According to the White House Website, in the first year of his presidency, President Obama promises to develop and begin to implement a comprehensive national HIV/AIDS strategy that includes all federal agencies. The strategy will be designed to reduce HIV infections, increase access to care and reduce HIV-related health disparities. The President promises to support common sense approaches including age-appropriate sex education that includes information about contraception and STD prevention. His promise includes combating infection within our prison population through education and prevention, and distributing prophylactics through our public health system. The President also supports lifting the federal ban on needle exchange, which could dramatically reduce rates of infection among drug users. President Obama has also been willing to confront the stigma -- too often tied to homophobia -- that continues to surround HIV/AIDS.



Justin’s HIV Journal: Trouble with Medications Part I


Justin’s HIV Journal: Trouble with Medications Part II


Justin’s HIV Journal: President Barack Obama’s Inauguration


HIV and Hooking Up

HIV and Hooking Up

People hook up online for sex all the time, whether it is on websites like Recon, men4now.com or adam4adam.com. Whenever you go to one of these sites they have an option on whether you want to tell people you are HIV positive or negative. Clicking a box for HIV status is optional, not mandatory on many of the sites.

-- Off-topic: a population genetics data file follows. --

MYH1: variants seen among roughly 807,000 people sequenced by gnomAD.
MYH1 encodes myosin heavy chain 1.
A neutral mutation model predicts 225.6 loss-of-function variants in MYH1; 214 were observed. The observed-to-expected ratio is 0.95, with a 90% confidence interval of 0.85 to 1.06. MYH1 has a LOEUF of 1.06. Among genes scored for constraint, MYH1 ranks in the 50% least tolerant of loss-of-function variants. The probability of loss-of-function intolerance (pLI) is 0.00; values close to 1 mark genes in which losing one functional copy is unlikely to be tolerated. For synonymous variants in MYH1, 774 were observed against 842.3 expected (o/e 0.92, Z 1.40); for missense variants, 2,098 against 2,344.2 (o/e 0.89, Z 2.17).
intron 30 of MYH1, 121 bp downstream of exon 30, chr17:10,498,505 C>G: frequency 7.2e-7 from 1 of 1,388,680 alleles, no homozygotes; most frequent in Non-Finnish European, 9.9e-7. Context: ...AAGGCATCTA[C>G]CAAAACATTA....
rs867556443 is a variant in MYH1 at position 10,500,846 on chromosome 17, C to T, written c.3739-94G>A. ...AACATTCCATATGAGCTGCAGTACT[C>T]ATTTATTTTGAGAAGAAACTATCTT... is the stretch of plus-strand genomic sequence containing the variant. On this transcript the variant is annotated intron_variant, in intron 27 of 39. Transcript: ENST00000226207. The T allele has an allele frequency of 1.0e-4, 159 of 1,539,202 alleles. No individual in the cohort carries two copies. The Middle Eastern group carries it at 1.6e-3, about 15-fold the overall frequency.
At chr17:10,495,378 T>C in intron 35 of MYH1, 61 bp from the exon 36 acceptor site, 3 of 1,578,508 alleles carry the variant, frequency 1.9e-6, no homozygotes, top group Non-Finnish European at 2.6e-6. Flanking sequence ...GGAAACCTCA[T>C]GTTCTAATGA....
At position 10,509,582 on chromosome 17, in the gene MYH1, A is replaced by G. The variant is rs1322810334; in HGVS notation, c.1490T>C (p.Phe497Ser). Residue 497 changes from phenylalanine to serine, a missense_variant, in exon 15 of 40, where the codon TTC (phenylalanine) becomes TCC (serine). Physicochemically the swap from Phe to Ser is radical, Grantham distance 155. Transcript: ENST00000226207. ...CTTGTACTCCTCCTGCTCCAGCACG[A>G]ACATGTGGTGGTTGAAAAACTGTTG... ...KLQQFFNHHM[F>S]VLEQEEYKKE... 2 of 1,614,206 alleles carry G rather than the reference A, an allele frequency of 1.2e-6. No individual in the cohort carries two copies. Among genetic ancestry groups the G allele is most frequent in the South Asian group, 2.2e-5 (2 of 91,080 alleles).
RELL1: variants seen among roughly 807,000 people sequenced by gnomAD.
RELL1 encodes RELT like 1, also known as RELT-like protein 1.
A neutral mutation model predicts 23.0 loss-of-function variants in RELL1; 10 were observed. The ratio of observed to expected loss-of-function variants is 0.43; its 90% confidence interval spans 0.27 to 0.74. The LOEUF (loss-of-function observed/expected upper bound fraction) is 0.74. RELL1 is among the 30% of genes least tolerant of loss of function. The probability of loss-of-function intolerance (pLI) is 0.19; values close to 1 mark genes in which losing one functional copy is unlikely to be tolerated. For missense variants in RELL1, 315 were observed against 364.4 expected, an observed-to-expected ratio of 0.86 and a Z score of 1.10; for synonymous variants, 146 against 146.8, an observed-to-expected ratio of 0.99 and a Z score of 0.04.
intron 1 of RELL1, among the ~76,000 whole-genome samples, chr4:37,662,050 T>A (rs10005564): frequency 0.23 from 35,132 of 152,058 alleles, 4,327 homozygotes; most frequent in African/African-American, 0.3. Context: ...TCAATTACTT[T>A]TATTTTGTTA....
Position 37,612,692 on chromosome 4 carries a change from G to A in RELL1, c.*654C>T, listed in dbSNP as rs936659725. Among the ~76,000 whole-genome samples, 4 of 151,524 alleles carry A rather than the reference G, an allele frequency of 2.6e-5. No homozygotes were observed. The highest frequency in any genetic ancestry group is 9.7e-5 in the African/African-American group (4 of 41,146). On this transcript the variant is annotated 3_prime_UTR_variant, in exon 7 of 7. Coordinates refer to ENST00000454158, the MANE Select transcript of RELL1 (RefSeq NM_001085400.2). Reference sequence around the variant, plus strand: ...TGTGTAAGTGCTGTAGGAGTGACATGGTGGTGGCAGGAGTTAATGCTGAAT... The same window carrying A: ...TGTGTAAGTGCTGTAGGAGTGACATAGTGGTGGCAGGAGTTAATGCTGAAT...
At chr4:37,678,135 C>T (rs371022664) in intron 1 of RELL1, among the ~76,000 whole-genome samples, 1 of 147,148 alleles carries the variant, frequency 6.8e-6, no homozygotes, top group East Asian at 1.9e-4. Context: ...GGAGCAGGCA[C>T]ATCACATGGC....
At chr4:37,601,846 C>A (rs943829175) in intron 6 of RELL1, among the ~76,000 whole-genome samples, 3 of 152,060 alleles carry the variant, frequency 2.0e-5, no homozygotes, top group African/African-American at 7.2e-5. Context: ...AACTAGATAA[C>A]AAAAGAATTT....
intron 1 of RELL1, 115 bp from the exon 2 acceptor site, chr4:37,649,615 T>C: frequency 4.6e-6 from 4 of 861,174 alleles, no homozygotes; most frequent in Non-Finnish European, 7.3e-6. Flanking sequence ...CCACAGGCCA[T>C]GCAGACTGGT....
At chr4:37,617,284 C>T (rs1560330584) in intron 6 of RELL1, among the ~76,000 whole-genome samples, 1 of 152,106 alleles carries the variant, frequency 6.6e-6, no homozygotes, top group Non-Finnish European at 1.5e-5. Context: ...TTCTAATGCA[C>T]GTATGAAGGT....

When I was on those websites I would sometimes disclose my status. Some people that I would want to hook up wouldn't even ask .They would just assume that I was negative. When the conversation became more candid I made sure that they knew I was positive. I would say, "Hey are you ok with me being HIV positive." A lot of men got scared and ran away from me. Some blocked or ignored me. I felt shunned. I felt like there was nobody out there that would want me because I was HIV positive.

For all the men out there who shunned an openly HIV positive man, I have something to say about all of this:

The last time you had anonymous sex or an online hook up, did you even think to ask, "Are you HIV positive or negative?" and how do you know they told you the truth? You don't.

When you are hooking up with someone do you even think about it?

When engaging in online hook ups, men rarely ask those questions of other people or rarely ask themselves, "When was the last time I had an HIV test, what is my status".

The gist of it is, if the person is HIV positive what's stopping you from putting on a condom?

I'm not trying to tell any of you what to do I'm just trying to get you to think.

A lot of HIV positive men feel rejected and it's ok. Rejection is a part of life. We all remember that first time when we saw a sexy man that we wanted that didn't necessarily want us.

If you're open about your status and are HIV positive don't feel bad because the man that you want doesn't want you. We all can take a message from President Barack Obama and "move on." There are plenty of men out there that don't care about your status, but will care about you as a human being and not as an object.

So, think about this, if you have sex with someone who doesn't tell you their HIV status and you have sex with someone who is open about their status, what is the difference if you use a condom both times?

Absolutely nothing at all


How do you know he's not lying? And is he you?